11, 1995 09:35
After quietly observing me mucking about on a notebook computer
in the Sawasdee House, the editor of Expressions, an English-language
magazine published in Bangkok, asked if I wouldn't write an article about
my experiences traveling with a computer. The following text is the result.
23:22 Saswadee House; Bangkok-Thailand :: 8 MAY 95
Odd things happen to those fiddling with odd things in public
places. Try this: while budget traveling through SE Asia, carry a notebook
computer rather than that mundane paper journal you usually jot the day's
events into. There is nothing unusual about someone writing in a diary
but sitting in a remote rural food-stall tapping at a keyboard will gather
a crowd. What happens between the writer and this crowd depends on the
individual behind the keyboard but certainly conversation will develop
and without too much difficulty these can turn into new friendships or
even business contacts. In fact, the activity most unlikely to happen
during these situations is writing.
18:02 Sawasdee House; Bangkok-Thailand :: 9 MAY 95
If this novelty should wear thin, join the virtually inclined
in cyberspace. That is, get an Internet mail address, a modem for the
computer and then post all your journal entries as electronic mail to
hip friends and family on the Internet. When everything goes right email
can be cheaper than post-cards, more informative too and no one has to
decipher the minute handwriting employed by those trying to fit novels
on a 4X5 card. When they figured out post-cards weren't forthcoming, my
parents and sisters climbed aboard the Information Superhighway band-wagon.
Now Mom not only gets to hear from her son regularly, she can respond.
(I hadn't thought about that possibility.)
Long-term travelers arrange to receive mail from friends and
family at home by telling these people where they'll be at certain times.
These travelers have what's called an itinerary. I hate itineraries. I
often make up my mind where I'm going the day before I go there. No itinerary,
no planned mail sites.
10:19 Sawasdee House; Bangkok-Thailand :: 10 MAY 95
Before email, communication home was one-way and carried the
postal system's multi-week time lag-if it ever did arrive. And the only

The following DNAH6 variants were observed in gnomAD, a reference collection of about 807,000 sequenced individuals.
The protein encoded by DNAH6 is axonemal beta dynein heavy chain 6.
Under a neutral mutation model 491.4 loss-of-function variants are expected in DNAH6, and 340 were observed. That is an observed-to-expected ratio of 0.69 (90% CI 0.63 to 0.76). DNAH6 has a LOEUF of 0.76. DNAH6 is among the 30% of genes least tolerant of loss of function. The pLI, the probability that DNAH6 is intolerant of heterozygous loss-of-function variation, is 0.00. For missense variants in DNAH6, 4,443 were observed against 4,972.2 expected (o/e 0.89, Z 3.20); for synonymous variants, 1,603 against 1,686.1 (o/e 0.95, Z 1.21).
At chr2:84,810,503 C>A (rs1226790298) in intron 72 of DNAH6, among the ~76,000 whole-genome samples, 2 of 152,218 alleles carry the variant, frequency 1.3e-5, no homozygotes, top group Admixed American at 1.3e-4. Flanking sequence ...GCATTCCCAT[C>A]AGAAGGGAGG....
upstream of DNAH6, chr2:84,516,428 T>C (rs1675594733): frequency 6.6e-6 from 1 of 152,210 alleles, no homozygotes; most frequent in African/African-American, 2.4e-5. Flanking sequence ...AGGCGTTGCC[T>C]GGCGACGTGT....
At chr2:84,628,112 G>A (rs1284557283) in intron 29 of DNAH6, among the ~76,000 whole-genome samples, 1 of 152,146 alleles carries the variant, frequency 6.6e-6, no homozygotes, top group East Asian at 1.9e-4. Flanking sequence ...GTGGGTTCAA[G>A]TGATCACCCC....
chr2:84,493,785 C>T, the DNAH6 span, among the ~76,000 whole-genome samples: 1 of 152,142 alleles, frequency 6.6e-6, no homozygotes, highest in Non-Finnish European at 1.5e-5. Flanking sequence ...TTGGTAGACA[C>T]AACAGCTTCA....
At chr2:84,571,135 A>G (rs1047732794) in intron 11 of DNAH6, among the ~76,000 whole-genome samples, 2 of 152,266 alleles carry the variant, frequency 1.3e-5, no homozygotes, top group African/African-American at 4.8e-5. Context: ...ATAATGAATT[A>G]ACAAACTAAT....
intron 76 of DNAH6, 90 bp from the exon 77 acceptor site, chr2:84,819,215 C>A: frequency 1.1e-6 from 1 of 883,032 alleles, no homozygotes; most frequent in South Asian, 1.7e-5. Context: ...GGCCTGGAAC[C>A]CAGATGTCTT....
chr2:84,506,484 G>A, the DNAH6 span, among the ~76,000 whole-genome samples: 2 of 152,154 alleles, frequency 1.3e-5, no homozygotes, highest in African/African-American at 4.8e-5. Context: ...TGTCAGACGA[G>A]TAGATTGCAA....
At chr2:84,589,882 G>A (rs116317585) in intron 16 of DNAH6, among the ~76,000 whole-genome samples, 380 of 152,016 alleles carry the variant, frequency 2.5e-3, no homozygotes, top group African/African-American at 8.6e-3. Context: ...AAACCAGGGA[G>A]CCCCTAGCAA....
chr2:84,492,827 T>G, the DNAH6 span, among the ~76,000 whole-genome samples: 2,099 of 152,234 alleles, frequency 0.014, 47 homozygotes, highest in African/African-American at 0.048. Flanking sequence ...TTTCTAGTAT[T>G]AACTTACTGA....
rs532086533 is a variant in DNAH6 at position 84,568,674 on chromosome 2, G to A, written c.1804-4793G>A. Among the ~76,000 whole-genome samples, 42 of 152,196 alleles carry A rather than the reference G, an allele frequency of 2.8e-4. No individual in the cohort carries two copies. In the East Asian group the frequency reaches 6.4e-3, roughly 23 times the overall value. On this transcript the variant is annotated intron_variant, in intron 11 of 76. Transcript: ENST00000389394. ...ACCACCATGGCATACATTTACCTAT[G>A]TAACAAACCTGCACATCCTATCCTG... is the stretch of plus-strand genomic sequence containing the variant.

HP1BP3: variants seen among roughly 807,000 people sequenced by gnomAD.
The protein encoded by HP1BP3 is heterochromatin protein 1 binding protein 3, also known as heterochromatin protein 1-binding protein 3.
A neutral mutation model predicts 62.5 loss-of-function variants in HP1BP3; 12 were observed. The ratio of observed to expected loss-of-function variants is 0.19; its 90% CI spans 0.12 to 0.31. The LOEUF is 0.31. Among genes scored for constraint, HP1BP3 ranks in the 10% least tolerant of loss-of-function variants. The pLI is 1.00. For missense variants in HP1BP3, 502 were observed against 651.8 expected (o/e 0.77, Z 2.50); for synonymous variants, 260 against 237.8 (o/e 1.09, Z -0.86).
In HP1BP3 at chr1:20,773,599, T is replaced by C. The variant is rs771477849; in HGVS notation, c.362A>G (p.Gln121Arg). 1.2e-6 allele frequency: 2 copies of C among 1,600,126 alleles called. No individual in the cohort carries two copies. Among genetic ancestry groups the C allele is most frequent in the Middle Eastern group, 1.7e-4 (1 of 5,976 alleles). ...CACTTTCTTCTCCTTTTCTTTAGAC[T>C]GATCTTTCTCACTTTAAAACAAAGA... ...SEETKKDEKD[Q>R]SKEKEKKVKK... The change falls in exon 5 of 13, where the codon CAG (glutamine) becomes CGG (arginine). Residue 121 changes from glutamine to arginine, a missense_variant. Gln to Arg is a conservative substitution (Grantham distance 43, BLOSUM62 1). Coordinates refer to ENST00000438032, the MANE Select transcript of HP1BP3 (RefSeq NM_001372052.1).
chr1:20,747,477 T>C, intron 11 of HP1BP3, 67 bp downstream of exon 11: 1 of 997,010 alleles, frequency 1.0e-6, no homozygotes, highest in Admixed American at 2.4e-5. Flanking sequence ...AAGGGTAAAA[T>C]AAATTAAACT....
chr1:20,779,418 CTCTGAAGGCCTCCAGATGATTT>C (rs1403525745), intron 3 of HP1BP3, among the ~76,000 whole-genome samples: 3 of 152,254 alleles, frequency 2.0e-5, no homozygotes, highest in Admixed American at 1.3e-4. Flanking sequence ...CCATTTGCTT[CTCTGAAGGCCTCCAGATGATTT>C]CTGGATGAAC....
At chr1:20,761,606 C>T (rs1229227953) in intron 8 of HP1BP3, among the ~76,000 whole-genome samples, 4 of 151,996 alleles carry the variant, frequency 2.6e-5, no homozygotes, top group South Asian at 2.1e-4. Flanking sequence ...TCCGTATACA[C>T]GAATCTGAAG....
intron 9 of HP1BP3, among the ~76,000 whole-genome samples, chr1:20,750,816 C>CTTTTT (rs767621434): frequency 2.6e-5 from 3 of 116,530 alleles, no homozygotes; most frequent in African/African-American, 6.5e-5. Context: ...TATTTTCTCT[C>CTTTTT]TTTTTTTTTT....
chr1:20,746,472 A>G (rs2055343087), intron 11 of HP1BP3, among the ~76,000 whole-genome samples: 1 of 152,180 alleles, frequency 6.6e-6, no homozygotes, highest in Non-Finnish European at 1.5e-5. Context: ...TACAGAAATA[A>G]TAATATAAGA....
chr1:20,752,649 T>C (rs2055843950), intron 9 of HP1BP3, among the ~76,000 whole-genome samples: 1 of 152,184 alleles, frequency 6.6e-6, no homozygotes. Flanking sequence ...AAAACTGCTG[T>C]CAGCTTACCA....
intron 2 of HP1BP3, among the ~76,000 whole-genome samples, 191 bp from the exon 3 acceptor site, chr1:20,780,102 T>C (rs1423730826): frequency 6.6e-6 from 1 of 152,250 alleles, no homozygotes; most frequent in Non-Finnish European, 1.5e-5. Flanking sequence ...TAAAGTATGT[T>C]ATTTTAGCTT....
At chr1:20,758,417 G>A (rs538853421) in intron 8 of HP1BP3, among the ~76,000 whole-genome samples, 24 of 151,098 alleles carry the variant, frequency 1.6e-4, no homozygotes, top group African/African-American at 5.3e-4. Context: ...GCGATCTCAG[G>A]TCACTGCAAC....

budget travelers making overseas long-distance calls carry Dad's AT&T
phone card. But plugged in to the global network I can practically carry
on a conversation, often for the price of a local call. After just five
months of travel my email journal had generated 80 single-spaced type-written
pages of material. The total cost for all email transmitted and received
over this period came to slightly over $200 in Canadian funds. That may
seem excessive for a bunch of electronic letters, however I'm fairly prolific.
While receiving about 150 pieces of mail during that period, I transmitted
well over 200. My email journal accounted for 55 postings, each of these
distributed to a growing list that now includes 35 addresses. That's alot
What I appreciate most is the immediacy possible with email.
For instance, while traveling through Australia, a friend back home in
Vancouver initiated a discussion contrasting two feminist writers, Naomi
Wolf and bell hooks. Debate raged over a three-week
period while I visited Perth, Sydney and Brisbane and moved on to Kuala
Lumpur, Malaysia. We generated a dozen rather lengthy messages and of
these, five were posted within a 48-hour period. Don't even think about
trying this with stamps and envelopes.
11:07 Hello Restaurant, Thanon Khao Sahn; Bangkok-Thailand
:: 10 MAY 95
The word 'connected' carries a couple different meanings for
members of the email community. The more mundane meaning refers to the
physical telecommunications connection between computers providing the
link over which email is transmitted. Boring-at least when everything
works right. The subtler, more interesting meaning applies the connection
inter-personally. The phrase 'getting connected' as much implies joining
a community as it refers to a successful link between computer and global
Twice during this trip hardware problems disconnected me from
the community, from friends and family, for a few weeks. What a miserable
experience of isolation. What was going on over there? I missed sharing
my experiences and receiving responses. Like the yuppie whose answering
machine goes bust, I wondered that I ever survived without this technology
before. A favourite Chinese proverb reads, 'A bosom friend afar brings
distant lands near.' This is true only when the friend is connected.
Patrick. -- Responses Sought --
Poste restante (at almost any post office) is the best
way of getting mail.